Tabla is a pair of small percussion instrument that has become a must in any Indian musical or dance performance. Yet amongst other musical instruments it is not held in high esteem. This general impression of people was changed and the status of Tabla was uplifted by this maestro who performed all over the world!
Allarakha Qureshi, popularly known as Ustad Allah Rakha, was an Indian Tabla Maestro. He was a Hindustani Classical musician and often gave accompaniment to Sitar Maestro Ravi Shankar. He was awarded one of the highest civilian honor, the Padma Shri in 1977, by the Government of India.
Childhood and Early Life
Allah Rakha was born on 29 April 1919, in Ghagwal, Jammu and Kashmir, British India. His family spoke Dogri. His father Hashim Ali was a retired army man and worked as a farmer. Allah Rakha was the eldest of the seven siblings and his father did not want him to pursue music as a career. One of his brother, Sabir Rakha, was also a Tabla player.
When he was 12 year old, he visited his uncles at Gurdaspur. There he became fascinated with the Tabla and its sound and rhythm. He ran away from home to Lahore and became a disciple of Mian Kader Baksh Pakhwji of the Punjab gharana, an eminent Tabla Master. Later, in 1938, he also learnt Vocal Music and Raag Vidya from Ashiq Ali Khan of the Patiala gharana. He practiced for hours with full dedication.
The Melodious Journey of His Musical Career
- Allah Rakha began his career in 1930 as a Tabla Player with All India Radio at Lahore.
- In 1936, he joined All India Radio in Delhi and in 1940 moved to Bombay as AIR staffer.
- He was AIR’s first artist to play solo the Tabla, and gave the instrument an elevated position among other musical instruments.
- From 1943 to 1948, he composed music for films. He was the music director for Rangmahal Studios, and provided music for two dozen films in Hindi and Punjabi.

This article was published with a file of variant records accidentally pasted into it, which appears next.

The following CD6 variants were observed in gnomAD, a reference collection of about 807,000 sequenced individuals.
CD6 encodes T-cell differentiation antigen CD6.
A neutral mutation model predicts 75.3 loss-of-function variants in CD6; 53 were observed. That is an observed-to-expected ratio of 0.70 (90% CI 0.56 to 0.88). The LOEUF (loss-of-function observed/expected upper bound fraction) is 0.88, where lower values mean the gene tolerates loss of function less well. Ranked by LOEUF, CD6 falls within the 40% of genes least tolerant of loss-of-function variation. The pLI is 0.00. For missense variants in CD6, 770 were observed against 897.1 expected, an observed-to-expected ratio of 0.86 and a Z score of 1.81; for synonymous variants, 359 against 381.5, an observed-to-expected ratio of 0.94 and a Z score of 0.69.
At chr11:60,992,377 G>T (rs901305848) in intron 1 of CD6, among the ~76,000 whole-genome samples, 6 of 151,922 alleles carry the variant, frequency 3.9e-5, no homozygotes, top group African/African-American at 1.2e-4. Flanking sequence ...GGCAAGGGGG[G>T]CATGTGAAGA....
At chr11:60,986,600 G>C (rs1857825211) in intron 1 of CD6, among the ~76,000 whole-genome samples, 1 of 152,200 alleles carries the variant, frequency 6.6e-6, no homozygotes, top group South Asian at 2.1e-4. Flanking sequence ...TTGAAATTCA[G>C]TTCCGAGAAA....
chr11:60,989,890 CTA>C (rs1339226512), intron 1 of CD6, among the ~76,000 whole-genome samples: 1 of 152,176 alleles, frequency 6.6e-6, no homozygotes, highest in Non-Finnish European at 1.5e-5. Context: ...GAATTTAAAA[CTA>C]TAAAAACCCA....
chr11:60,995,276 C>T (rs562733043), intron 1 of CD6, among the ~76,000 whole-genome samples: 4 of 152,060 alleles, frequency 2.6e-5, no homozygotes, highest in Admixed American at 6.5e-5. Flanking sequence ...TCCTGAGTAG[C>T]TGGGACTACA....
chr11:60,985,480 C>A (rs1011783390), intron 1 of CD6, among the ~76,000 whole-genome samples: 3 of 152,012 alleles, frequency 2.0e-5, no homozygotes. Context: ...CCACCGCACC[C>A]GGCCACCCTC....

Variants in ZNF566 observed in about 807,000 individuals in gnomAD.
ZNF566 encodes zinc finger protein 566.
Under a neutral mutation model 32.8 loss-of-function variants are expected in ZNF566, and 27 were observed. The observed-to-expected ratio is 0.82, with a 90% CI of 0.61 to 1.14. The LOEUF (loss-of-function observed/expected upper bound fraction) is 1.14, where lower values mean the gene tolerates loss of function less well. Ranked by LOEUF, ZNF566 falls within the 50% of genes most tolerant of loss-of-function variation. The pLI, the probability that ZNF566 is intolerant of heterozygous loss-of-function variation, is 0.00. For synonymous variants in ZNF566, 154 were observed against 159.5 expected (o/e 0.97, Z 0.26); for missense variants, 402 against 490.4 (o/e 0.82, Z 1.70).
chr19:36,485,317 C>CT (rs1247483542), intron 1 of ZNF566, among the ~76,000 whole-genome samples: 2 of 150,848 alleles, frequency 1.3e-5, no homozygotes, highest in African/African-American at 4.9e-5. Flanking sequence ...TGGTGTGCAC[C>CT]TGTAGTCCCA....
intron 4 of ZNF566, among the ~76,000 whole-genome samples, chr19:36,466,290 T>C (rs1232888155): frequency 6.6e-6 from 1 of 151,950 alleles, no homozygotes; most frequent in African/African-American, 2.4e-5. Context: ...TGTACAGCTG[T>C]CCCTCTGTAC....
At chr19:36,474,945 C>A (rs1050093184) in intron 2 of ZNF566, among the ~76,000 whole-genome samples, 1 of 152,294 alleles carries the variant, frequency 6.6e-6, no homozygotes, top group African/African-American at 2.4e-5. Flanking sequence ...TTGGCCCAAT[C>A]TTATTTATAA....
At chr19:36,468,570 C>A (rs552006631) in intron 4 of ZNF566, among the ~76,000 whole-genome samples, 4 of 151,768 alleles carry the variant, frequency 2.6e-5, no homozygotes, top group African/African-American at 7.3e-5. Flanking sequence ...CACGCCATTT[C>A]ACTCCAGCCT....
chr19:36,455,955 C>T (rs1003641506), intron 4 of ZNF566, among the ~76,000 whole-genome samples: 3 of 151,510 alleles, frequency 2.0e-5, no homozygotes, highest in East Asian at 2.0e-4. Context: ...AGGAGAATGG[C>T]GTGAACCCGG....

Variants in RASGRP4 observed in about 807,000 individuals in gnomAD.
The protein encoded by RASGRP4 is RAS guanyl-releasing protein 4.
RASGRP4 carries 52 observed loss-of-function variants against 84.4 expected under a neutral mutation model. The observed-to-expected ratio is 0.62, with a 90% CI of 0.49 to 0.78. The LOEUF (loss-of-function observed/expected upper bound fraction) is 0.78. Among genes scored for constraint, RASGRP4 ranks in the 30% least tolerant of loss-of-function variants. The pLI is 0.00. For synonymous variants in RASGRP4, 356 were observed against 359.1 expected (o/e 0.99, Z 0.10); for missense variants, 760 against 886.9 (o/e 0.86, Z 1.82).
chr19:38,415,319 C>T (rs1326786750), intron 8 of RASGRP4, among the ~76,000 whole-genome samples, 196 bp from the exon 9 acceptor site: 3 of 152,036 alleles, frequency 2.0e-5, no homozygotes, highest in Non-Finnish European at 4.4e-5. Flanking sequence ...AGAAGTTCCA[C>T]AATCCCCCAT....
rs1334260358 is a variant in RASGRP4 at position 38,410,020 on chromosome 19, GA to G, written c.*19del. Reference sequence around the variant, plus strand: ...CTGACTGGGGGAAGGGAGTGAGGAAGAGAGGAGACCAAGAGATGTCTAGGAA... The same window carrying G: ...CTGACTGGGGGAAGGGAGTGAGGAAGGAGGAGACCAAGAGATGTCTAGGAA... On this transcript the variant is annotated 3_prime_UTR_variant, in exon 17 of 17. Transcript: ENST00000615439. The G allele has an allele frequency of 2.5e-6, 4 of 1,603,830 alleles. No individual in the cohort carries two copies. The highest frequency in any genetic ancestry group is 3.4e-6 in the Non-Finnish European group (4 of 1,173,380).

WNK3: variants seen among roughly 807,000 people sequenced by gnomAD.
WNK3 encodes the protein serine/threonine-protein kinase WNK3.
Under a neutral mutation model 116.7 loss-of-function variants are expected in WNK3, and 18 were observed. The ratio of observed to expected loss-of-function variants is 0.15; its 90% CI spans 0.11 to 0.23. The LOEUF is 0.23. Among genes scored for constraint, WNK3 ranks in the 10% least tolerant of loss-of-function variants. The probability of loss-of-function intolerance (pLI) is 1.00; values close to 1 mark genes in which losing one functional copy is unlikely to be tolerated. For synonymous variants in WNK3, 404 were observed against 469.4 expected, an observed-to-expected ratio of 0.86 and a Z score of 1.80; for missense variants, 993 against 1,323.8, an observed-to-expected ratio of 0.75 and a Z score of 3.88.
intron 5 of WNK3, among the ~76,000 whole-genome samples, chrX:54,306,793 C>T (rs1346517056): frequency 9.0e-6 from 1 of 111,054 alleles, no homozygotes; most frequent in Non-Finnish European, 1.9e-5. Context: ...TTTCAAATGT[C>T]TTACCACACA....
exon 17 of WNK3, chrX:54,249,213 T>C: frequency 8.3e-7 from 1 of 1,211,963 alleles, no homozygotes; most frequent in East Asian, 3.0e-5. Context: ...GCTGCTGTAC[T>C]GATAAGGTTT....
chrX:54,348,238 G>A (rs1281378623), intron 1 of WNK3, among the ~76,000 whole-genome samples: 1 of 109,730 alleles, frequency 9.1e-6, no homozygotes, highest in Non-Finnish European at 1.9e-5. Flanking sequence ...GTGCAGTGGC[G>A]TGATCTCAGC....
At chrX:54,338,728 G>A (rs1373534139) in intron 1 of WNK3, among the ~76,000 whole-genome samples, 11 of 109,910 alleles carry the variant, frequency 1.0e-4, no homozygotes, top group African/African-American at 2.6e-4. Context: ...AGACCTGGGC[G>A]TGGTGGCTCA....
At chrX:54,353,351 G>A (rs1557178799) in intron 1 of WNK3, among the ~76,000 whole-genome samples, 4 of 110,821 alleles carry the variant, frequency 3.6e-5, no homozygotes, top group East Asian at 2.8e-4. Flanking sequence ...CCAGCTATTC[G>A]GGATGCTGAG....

- He continued to play accompaniments for maestros like Bade Ghulam Ali Khan, Allauddin Khan, Vilayat Khan, Vasant Rai, Ali Akbar Khan, Ravi Shankar and many more. He has also worked with renowned Kathak dancers like Sitara Devi and Birju Maharaj.
Global Influence as a Tabla Player
In the 1960’s, during Ravi Shankar’s world tours, he was the chief accompanist who delighted audiences with his wizardry and magical flourish on the instrument.
At the Monterey Pop Festival in 1967 and the Woodstock Festival in 1969, his partnership with the sitar maestro left the audience spellbound and helped introduce Indian classical music to the audience in the West.
While at home in India, Alla Rakha brought closer Carnatic and Hindustani music by playing with stalwarts from both genres; he popularized the art of Tabla across the globe.
Alla Rakha collaborated with many American rock and roll artists of the 1960s and the 1970s.
In 1967 at the Monterey International Pop Festival Hell’s Angels member Terry The Tramp performed together.
In 1968, Rakha collaborated with jazz drummer Buddy Rich and came out with an album Rich à la Rakha.
In 1972, leading American rock n’ roll percussionists like the Grateful Dead’s Mickey Hart also collaborated with him for Rolling Thunder.
During the August 1971 in New York city during the Beatles’ George Harrison’s Concert for Bangladesh shows, Rakha was part of the ensemble accompanying Ravi Shankar. Live albums and the concert films of these maestros playing together, made the large gatherings appreciate Indian classical music.
Spreading His Musical Legacy
In 1986, the Ustad established the Allarakha Institute of Music in Bombay. Allarakha was affectionately called “Abbaji” by his disciples. He taught music to Shankha Chatterjee, Yogesh Samsi, Prafulla Athalye, Aditya Kalyanpur, Anuradha Pal, Nishikant Barodekar, Uday Ramdas, Shyam Kane, and to his sons Taufiq Qureshi and Fazal Qureshi. His eldest son, Zakir Hussain has already become a Tabla virtuoso.
Awards and Achievements
He has been a recipient of many awards in India and abroad; including the Maharashtra Gaurav Puraskar. In 1977, Allarakha was awarded the Padma Shri by the Government of India. In 1982, he was awarded the Sangeet Natak Akademi Award.
Personal Life and Sad Demise
Allarakha was married to Bavi Begum and the couple were blessed with three sons, Zakir Hussain, Fazal Qureshi and Taufiq Qureshi; and two daughters, Khurshid and Razia. He later married a Pakistani lady and had a daughter Roohi Bano and son Sabir.
On 3 February 2000, Allah Rakha suffered a heart attack on learning the sad news of the death of his daughter Razia the previous day. He died at his Simla House residence on Nepean Sea Road, Mumbai. The Indian music world was stunned to hear the shocking news and people lined up to pay their last homage.
He continued to perform till his last days. His dazzlingly awe-inspiring performances made the Tabla a familiar and recognizable percussion instrument around the world. Ustad Allarakha was an incredible maestro who brought his musical instrument a stature and respect it never before enjoyed.
Written By: Raj Kumar Hansdah